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Often times something is referred to as being a "crutch" for something, meaning they rely on it. What would be a suitable opposite to this metaphor?

EDIT: To rephrase: What's a good metaphor/term for something that "sets you free" or liberates you or helps towards a cause? I hope that makes more sense.

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What is the opposite of "rely on"? "Be independent from" or "be relied upon" or something else? –  z7sg Ѫ Sep 19 '11 at 21:07
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I don't get what you're asking here? A metaphorical crutch is something people rely on that they shouldn't need to. Do you want something people don't rely on that they should? Something people rely on that they should? Something people don't rely on that they shouldn't? (A paper umbrella ... nobody relies on a paper umbrella.) –  Peter Shor Sep 19 '11 at 21:08
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I edited for clarification. Sorry. –  Johannes Sep 19 '11 at 21:12
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5 Answers

Three metaphors that spring to mind:

A stepping stone: something that aids you in getting towards your goal, something that helps you move forward

Example: I'm not your stepping stone/ You're trying to make your mark in society / You're using all the tricks that you used on me / You're reading all them high-fashion magazines (The Monkees)

The key that unlocked [doors] (can specify which door, or even substitute another word): the essential tool that enables an achievement

Example: The discovery of DNA was the key that unlocked the human genome.

The wind in (someone's) sails: A force that drives someone forward, giving them the energy and enthusiasm to accomplish a goal. Something can either put the wind in a person's sails (helpful) or take the wind out of someone's sails (thereby taking away their enthusiasm).

Example: The good grades Samantha earned that semester put the wind in her sails, and she's been studying diligently and getting high marks ever since.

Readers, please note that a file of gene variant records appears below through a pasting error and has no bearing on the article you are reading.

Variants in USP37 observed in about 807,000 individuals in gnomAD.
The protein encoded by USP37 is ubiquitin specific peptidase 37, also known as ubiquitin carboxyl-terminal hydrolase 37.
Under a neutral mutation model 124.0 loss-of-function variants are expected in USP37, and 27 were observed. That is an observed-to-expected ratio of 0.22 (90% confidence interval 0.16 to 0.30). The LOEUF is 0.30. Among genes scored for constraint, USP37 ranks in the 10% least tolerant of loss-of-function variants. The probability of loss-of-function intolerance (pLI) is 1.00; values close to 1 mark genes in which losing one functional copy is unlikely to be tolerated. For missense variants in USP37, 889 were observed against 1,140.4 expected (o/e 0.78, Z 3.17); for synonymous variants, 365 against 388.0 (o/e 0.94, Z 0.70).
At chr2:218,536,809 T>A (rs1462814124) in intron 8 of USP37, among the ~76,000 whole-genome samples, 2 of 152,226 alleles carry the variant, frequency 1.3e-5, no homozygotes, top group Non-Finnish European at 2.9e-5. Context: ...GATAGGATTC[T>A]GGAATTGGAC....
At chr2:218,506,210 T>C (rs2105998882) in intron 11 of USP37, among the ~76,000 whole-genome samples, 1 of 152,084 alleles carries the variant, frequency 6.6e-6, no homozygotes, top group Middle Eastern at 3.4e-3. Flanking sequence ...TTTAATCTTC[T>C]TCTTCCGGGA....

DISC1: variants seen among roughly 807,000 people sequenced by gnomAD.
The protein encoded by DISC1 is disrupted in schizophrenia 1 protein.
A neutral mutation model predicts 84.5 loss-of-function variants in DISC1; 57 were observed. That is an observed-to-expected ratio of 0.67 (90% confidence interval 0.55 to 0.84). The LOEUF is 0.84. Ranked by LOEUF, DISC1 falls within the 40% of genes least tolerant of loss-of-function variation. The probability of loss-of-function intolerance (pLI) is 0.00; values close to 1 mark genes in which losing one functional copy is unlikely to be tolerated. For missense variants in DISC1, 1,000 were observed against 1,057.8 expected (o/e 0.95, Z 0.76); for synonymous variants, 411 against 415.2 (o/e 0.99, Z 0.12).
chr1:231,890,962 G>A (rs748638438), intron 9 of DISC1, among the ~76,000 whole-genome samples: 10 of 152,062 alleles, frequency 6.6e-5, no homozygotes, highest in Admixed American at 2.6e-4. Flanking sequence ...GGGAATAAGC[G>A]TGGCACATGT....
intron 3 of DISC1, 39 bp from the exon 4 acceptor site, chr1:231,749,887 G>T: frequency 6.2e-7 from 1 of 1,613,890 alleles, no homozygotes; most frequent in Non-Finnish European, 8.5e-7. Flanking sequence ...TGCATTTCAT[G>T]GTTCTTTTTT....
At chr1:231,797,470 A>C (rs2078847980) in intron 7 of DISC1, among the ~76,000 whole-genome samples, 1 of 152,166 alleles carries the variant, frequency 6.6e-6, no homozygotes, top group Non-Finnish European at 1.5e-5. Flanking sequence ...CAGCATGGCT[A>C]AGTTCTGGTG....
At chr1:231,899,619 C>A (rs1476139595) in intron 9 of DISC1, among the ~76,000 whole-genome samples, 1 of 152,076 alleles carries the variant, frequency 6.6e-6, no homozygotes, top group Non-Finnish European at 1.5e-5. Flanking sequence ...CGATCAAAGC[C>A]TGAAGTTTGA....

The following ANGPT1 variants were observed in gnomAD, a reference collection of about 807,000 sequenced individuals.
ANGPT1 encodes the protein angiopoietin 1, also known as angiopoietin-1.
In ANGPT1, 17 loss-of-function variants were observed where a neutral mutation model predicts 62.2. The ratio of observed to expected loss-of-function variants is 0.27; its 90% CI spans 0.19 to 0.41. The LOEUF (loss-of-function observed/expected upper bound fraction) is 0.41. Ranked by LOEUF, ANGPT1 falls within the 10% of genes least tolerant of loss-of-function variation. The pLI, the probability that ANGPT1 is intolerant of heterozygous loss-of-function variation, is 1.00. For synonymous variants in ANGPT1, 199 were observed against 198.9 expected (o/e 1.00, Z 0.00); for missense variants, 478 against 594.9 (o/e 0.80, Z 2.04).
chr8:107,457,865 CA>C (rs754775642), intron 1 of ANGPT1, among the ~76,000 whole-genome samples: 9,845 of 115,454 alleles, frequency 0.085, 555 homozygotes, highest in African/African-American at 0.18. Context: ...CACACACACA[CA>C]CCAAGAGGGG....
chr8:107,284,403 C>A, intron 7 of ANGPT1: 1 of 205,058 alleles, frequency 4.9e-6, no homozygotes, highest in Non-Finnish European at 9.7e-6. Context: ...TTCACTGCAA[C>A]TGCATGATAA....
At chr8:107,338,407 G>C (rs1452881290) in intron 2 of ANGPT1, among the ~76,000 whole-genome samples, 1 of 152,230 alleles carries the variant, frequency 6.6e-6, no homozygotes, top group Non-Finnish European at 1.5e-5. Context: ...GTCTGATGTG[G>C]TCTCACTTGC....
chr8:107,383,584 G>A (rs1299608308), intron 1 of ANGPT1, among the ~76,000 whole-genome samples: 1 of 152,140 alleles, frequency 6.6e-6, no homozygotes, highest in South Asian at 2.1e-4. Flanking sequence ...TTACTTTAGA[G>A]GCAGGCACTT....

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I guess something that sets you free instead,- something that gives you wings (9).Maybe something that catapults you. Any specific usage-context?

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...So the answer is "Red Bull" (en.wikipedia.org/wiki/Red_Bull#Advertising - see second paragraph, "Advertising" section)? –  FrustratedWithFormsDesigner Sep 19 '11 at 21:24
    
:-) Not very familiar where I live, but they say ginseng is good. –  Autoresponder Sep 19 '11 at 21:27
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Maybe you want the word "enabler"? It refers to a person/thing that enables something else to achieve a goal.

The full gas tank in the lawnmower was the enabler to Joe's neatly trimmed lawn.

In this case, the full gas tank enabled Joe to do a good job mowing his lawn, which from this context, we can assume would have been impossible without a sufficiently fueled mower.

It also sometimes has a negative connotation, in contexts where one person's behaviour enables another to take an action that is ultimately destructive or damaging) (usually to themselves, not to the enabler).

Frank's drug problem got worse every week, and by pretending that there was no problem, his roommate Bob was an enabler to the situation.

In this case, Bob enabled Frank to engage in a destructive drug habit by simply ignoring the problem and not intervening when he had the opportunity to do so.

You'll want to make sure the context you are using this word in is clear.

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I think the metaphor antonym would be "broken reed":

a broken reed,is a person or thing too frail or weak to be relied on for support:

In view of the edits, it seems a word you might be looking for could be "emancipator":. To emancipate means:

To set free from the power of another; to liberate; as:

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Could you explain in more detail exactly what "broken reed" means? It's my first time hearing it. –  Johannes Sep 19 '11 at 21:08
    
Would a broken reed be liberating, or set someone free? –  FrustratedWithFormsDesigner Sep 19 '11 at 21:39
    
The original question was the opposite of "crutch". I'm answering that –  Thursagen Sep 19 '11 at 21:41
    
Thank you for the clarification. I learned something new. Though that's not what I was looking for. Thank you anyway! –  Johannes Sep 19 '11 at 21:42
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